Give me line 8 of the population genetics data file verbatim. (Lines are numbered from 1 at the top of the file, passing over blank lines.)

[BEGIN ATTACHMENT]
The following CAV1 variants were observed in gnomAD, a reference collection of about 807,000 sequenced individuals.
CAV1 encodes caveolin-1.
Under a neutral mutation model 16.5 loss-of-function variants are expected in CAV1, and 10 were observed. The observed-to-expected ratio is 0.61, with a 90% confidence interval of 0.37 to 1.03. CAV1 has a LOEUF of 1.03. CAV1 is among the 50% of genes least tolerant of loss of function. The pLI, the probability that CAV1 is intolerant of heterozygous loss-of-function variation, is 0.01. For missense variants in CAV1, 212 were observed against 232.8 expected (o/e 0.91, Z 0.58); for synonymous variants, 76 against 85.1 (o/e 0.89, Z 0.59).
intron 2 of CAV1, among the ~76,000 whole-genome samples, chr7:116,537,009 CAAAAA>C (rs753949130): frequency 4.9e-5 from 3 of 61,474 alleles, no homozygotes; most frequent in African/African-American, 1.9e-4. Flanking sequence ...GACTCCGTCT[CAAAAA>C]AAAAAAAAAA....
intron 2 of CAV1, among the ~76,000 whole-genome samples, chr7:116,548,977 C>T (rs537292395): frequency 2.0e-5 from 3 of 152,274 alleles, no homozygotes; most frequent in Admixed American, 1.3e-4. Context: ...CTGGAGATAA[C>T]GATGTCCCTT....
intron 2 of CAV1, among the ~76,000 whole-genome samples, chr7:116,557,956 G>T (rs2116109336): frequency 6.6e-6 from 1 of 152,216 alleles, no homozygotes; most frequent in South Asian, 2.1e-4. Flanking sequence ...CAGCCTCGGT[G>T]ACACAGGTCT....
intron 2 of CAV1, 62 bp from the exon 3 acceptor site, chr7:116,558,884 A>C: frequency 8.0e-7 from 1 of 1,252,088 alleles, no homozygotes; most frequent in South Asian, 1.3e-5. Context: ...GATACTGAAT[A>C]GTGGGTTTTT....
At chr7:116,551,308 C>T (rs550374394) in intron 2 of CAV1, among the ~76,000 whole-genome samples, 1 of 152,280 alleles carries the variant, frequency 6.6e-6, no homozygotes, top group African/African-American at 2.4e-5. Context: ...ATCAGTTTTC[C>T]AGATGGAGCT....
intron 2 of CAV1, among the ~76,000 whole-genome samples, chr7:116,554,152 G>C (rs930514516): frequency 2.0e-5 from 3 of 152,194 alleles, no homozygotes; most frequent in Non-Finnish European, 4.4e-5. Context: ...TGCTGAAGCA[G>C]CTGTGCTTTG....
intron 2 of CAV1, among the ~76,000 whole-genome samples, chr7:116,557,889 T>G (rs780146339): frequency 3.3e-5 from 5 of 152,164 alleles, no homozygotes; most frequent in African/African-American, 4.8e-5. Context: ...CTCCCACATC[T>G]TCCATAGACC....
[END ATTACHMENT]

At chr7:116,551,308 C>T (rs550374394) in intron 2 of CAV1, among the ~76,000 whole-genome samples, 1 of 152,280 alleles carries the variant, frequency 6.6e-6, no homozygotes, top group African/African-American at 2.4e-5. Context: ...ATCAGTTTTC[C>T]AGATGGAGCT....